Kerry Underwood

INSOLVENCY: INJUNCTION RESTRAINING ADVERTISEMENT OF WINDING-UP PETITION GRANTED UNDER CORPORATE INSOLVENCY AND GOVERNANCE BILL, NOT YET LAW

with 2 comments


Kerry Underwood offers consultancy services in relation to this and other matters and details are here.

In

Re A Company [2020] EWHC 1551 (Ch) (16 June 2020)

the Chancery Division of the High Court granted an injunction restraining advertisement of a winding-up petition based on paragraph 5 of Schedule 10 to the Corporate Insolvency and Governance Bill 2019-21 (Schedule 10), which as the name suggests, is not yet law but which will have retrospective effect.

The court found that on the facts paragraph 5(1)(a) and (b) of Schedule 10 were satisfied, that is the petition was presented in the relevant period and the company was deemed unable to pay its debts on a ground specified in section 123(1) of the Insolvency Act 1986.

The court held that the evidential burden of showing that COVID-19 had a financial effect on the company before the presentation of the petition,so as to satisfy paragraph 5(1)(c) of Schedule 10 was on the company, not the petitioner.

This was a low threshold; the requirement was simply that a financial effect must be shown, not that COVID-19 was a cause of the company’s insolvency.

The evidential burden was to establish a prima facie case, rather than to prove the financial effect on a balance of probabilities.

The court held that the fact that the company’s funding drive was stopped by the onset of COVID-19 satisfied the requirement.

As paragraph 5(1) of Schedule 10 was satisfied, the court noted that, at the hearing of the petition, it would only be able to wind-up the company if paragraph 5(3) of Schedule 10 was satisfied.

Thus, the ground on which the petition was based  – section 123(1) of the Insolvency Act 1986 –  would apply even if COVID-19 had not had a financial effect on the company.

The burden of showing this was on the petitioner.

The court was not satisfied with this and found that there was no real chance of a winding-up order being made on the petition.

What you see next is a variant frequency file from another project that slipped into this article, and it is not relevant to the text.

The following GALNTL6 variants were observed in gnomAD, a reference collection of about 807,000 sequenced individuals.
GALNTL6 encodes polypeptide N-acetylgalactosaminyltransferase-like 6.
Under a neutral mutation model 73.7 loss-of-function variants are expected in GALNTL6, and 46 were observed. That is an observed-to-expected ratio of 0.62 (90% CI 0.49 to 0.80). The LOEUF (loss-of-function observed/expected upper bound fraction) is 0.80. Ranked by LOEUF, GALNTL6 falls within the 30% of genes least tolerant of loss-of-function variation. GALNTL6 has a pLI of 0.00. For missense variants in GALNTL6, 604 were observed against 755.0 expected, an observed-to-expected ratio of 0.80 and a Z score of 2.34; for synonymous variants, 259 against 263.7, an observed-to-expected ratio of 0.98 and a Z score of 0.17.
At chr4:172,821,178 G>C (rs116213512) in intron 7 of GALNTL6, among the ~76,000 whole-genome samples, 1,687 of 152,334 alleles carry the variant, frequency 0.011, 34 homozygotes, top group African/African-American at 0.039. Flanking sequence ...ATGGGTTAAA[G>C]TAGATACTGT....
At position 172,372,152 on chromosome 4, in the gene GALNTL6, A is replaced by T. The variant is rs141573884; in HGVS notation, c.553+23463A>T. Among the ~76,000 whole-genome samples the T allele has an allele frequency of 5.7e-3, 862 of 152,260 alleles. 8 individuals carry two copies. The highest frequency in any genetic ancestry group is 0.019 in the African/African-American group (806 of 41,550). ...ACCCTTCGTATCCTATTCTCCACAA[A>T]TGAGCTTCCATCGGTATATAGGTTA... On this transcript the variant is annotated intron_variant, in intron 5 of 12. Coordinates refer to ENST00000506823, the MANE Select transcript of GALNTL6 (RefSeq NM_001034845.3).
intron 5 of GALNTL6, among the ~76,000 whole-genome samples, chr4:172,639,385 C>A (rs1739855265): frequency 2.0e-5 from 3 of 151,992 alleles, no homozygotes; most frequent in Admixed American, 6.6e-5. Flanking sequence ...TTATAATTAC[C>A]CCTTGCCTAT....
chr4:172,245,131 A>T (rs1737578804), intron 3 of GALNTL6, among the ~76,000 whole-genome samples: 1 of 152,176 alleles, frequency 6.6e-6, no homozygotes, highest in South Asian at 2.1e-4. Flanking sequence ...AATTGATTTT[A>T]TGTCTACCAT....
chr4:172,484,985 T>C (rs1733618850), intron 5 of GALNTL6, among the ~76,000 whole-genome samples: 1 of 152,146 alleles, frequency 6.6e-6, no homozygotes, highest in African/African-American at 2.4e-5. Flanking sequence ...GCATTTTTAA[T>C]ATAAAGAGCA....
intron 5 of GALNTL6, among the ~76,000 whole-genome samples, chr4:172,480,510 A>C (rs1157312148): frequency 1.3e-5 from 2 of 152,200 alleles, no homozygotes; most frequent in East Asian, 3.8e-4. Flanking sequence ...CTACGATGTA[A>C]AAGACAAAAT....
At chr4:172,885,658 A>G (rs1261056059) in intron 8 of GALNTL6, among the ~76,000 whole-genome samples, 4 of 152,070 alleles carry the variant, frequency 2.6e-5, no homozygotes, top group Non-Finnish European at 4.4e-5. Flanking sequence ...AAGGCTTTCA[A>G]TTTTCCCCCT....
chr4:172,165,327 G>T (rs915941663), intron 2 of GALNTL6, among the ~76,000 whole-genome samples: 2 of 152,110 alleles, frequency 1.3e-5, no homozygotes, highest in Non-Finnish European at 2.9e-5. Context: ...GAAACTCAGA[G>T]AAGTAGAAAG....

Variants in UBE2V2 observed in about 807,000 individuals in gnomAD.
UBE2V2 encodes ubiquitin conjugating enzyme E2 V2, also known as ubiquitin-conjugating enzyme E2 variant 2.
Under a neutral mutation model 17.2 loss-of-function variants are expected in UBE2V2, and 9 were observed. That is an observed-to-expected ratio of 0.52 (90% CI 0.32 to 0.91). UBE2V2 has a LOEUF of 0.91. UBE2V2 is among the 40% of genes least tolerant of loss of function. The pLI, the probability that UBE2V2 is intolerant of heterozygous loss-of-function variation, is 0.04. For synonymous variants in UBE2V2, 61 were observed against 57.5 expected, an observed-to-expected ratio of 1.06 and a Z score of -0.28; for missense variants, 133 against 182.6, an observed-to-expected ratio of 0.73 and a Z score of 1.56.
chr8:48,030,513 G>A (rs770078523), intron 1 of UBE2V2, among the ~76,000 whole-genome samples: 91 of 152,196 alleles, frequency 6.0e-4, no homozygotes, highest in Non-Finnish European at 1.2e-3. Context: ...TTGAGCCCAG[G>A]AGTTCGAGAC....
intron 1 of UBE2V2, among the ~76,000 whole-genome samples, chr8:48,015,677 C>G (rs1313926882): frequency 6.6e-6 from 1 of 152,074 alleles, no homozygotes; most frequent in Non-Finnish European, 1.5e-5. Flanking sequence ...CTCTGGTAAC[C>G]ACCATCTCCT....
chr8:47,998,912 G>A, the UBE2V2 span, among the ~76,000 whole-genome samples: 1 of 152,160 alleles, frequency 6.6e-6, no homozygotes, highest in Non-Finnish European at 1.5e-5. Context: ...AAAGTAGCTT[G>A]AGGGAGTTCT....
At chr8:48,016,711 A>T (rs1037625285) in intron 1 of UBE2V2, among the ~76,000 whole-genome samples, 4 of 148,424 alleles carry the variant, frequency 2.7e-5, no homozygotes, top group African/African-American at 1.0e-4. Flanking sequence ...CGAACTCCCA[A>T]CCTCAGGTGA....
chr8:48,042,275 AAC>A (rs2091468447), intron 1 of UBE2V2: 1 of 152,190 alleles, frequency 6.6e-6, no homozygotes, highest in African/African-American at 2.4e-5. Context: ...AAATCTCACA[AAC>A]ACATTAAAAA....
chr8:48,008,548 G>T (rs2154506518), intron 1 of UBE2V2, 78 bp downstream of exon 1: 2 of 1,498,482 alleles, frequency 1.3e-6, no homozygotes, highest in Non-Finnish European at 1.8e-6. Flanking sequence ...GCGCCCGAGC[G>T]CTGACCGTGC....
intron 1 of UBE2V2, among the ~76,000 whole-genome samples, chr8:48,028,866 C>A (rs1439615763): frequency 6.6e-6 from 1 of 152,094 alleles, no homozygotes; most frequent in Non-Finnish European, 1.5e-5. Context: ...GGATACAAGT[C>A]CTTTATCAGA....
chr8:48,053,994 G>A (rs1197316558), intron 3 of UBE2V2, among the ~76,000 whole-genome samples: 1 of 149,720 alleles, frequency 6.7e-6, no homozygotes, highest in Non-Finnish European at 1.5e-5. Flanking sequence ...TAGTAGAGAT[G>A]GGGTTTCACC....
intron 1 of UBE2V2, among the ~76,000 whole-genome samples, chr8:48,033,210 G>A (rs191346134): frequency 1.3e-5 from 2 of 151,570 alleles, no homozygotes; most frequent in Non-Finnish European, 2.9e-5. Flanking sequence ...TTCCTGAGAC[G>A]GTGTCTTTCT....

Allowing the advertisement would also be oppressive and unfair to the company, which was in the process of implementing a scheme of arrangement.

The High Court had previously restrained the presentation of a winding-up petition based on Schedule 10: – see

Re a Company (Injunction to Restrain Presentation of a Petition) [2020] EWHC 1406.

The purpose of the legislation was set out in a government press release on 23 April 2020:

“…the government will temporarily ban the use of statutory demands (made between 1 March 2020 and 30 June 2020) and winding up petitions presented from Monday 27th April, through to 30th June, where a company cannot pay its bills due to coronavirus.”

 

Comment

Without going into the facts of this case in detail, it was clear that at the beginning of 2019 the company was unable to pay its debts.

There is much comment on the expected massive rise in unemployment once furloughing ends, and also on the fact that many companies may be unable to continue trading, genuinely due to coronavirus.

What is less commented on the fact that many companies which were about to go into administration or liquidation, irrespective of coronavirus, have had a stay of execution.

Coronavirus has not caused these companies to get into financial difficulties; that is the point that I am making.

However, it will mean that in addition to companies which have genuinely suffered due to coronavirus, a dam will break in relation to companies which were going under anyway but, as stated above, have had a stay of execution.

 

Underwoods Solicitors are the solicitors for Crowe UK LLP, the Joint Liquidators of the Cambridge Analytica Group of Companies

Written by kerryunderwood

June 30, 2020 at 8:07 am

Posted in Uncategorized

2 Responses

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  1. Do we know what costs order was made here? Even though the company succeeded it only did so because of this hastily cobbled together legislation, and It would be very unfair to award costs against the Petitioner when they clearly had every justification for issuing the Petition.

    Michael Loveridge

    June 30, 2020 at 11:34 am

    • No, in a word. If you look at paragraph 51 of the judgment it states:

      ‘’I shall hear from counsel on the wording of the order and costs on the handing down of this judgement.’’

      Kerry

      kerryunderwood

      July 23, 2020 at 12:00 pm


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